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I recently opened a dynamic dns user (at no-ip for that matter..) for my own personal needs and especially for ssh-ing my computer whenever I need to, without knowing it's static IP.

My questions are:

  • Am I misusing the concept of dynamic dns? Are there more appropriate methods to do what I want to do?

  • If not, how do I resolve my router's real ip address? Firefox somehow manages to do so, nslookup and other similar commands only resolve the ip of the ddns server (e.g. Trying to figure this mystery with wireshark failed miserably ;)

share|improve this question
Have you ever read the documentation before asking? – mailq Nov 27 '11 at 12:13
Yes. Found answer (sort of) to my first question. The second one is still open. – stnr Nov 27 '11 at 12:22
up vote 1 down vote accepted

Since your address works in web browser and not in nslookup, you probably set-up "web redirect" instead of "A" record.

Web redirect adds an "A" record pointing to provider server and that server forwards incoming requests to your IP using port forwarding or HTTP redirection.

You do not misuse concept of dynamic DNS, it intended just for this purpose (providing you capable of opening ports that you need in your router and firewall).

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Finally a useful answer. Thanks. – stnr Nov 27 '11 at 16:56

I use another service : dyn dns but the operations are similar.

For free they gave you a record in their dns servers, under one of their domains. I choose

I have a adsl, at connection and also at random times, I get a new ip address. There are many web sites to check your external, public ip address, e.g.

If I ping my dns record I get my current public ip, right.

How does it work ? Simple : you have to run a little agent, it contacts the dyndns servers when the ip change, or every few minutes. They receive this packet, see your new public ip address, they update your dns record.

The agent can be your router ( many adsl routers support dyndns and similars services ), or you have to run a little agent on your operating system.

About dns propagation times, it is far better than 10 years ago. I just disconnet my adsl line, reconnect, check with my ip address ( its different ) and ping : I get the new ip. A few seconds - and it verifies the agent is doing its job.

Ah, for the sake of completeness. When you ping you free record, ping uses dns to find the current ip ... and apply a reverse query to find the real name associated to the ip.

For example, with my adsl home line ping shows my external ip and also ... wow, two dns records, I am a VIP !

About the slow times, imho they are not due to the dns tree update or the cheapo adsl lines. It is the excuse by some free dns providers, not working so well.

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I see only paid programs. Are you sure 'For free they give you a record in their dns servers'? Where is it? – stnr Nov 27 '11 at 16:53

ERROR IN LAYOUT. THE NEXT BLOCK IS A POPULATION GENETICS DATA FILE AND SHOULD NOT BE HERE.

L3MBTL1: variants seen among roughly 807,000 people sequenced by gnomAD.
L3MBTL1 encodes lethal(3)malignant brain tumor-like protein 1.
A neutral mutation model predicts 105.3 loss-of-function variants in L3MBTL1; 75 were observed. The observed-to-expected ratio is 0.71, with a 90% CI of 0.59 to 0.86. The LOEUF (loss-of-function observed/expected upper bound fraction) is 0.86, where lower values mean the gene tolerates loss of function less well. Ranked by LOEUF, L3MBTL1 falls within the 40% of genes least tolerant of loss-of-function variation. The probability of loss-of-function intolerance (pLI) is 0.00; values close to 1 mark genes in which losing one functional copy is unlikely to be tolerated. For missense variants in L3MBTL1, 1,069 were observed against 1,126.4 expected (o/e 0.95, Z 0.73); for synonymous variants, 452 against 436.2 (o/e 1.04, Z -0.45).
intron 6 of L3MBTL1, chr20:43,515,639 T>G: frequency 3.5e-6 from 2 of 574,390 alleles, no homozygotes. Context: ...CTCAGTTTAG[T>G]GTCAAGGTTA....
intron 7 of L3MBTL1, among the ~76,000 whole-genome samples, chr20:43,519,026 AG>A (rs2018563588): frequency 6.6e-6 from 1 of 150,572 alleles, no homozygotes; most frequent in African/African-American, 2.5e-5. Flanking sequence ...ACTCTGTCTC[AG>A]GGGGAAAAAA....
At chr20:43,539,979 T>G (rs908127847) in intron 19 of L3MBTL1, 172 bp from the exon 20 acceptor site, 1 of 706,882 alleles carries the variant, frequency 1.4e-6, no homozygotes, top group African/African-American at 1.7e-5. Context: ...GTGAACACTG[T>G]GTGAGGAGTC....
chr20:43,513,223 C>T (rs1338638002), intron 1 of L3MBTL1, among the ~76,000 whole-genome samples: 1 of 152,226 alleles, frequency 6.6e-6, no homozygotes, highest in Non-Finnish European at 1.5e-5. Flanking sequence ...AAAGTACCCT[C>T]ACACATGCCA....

DynDNS WAS free. – Sandman4 Nov 27 '11 at 17:39
For free they gave ... a few weeks ago! A list of ddns providers : – Massimo Nov 28 '11 at 23:20

DDNS are useful when you have a connection with a dynamic ip address(a new ip address is assigned by ISP at every connection attempt) and you want to access from external place some services behind that connection.

You can find the IP address of your router connection simply pinging that DNS name, so for example :

> ping 

in the response you will get the public ip address of your router.

share|improve this answer
As I stated in my question, pinging/nslookup/etc only resolve the dynamic dns server IP and not my router's public IP. – stnr Nov 27 '11 at 12:26
Try with tracert / traceroute. – aleroot Nov 27 '11 at 12:28
tracert not working (why should it anyway?). And I'm pinging obviously... – stnr Nov 27 '11 at 12:35
Maybe, but it shouldn't work better than ping for that matter. I signed up yesterday. and the address has already been updated. – stnr Nov 27 '11 at 12:46
No, I am imagining it. – stnr Nov 27 '11 at 13:06

The main purpose of dynamic DNS services is to enable systems without an external static IP address to be "easily" accessed from remote networks (sometimes referred to as the Internet) via a domain name.

The dynamic DNS client application communicates on short intervals with your dynamic DNS provider, and when your external ip address changes, your dynamic DNS provider's DNS records change accordingly.

If you're using a dynamic DNS service to access your system from an external network, then no, you are not misusing the concept of dynamic DNS.

You can resolve your external IP address either by pinging the domain name that your dynamic DNS provider gave you or by querying your domain name in nslookup or dig.

Keep in mind that DNS records need some time to propagate. Don't expect to signup for a dynamic DNS account and be able to resolve your external address via the domain name provided right away. It might take some time.

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As reading my question will tell you, firefox (and any other browser) somehow manages to resolve the real ip address. So it has been already updated. – stnr Nov 27 '11 at 12:41
Well, Firefox does not "resolve" domain names. Neither does ping, traceroute or any other application that can handle domain names. It is a task handled by the operating system. Have you modified /etc/hosts file or have a local DNS server? – dkaragasidis Nov 27 '11 at 12:48
Well, their results are still different, so something is still done differently here, the terminology is not so interesting to me. – stnr Nov 27 '11 at 12:59

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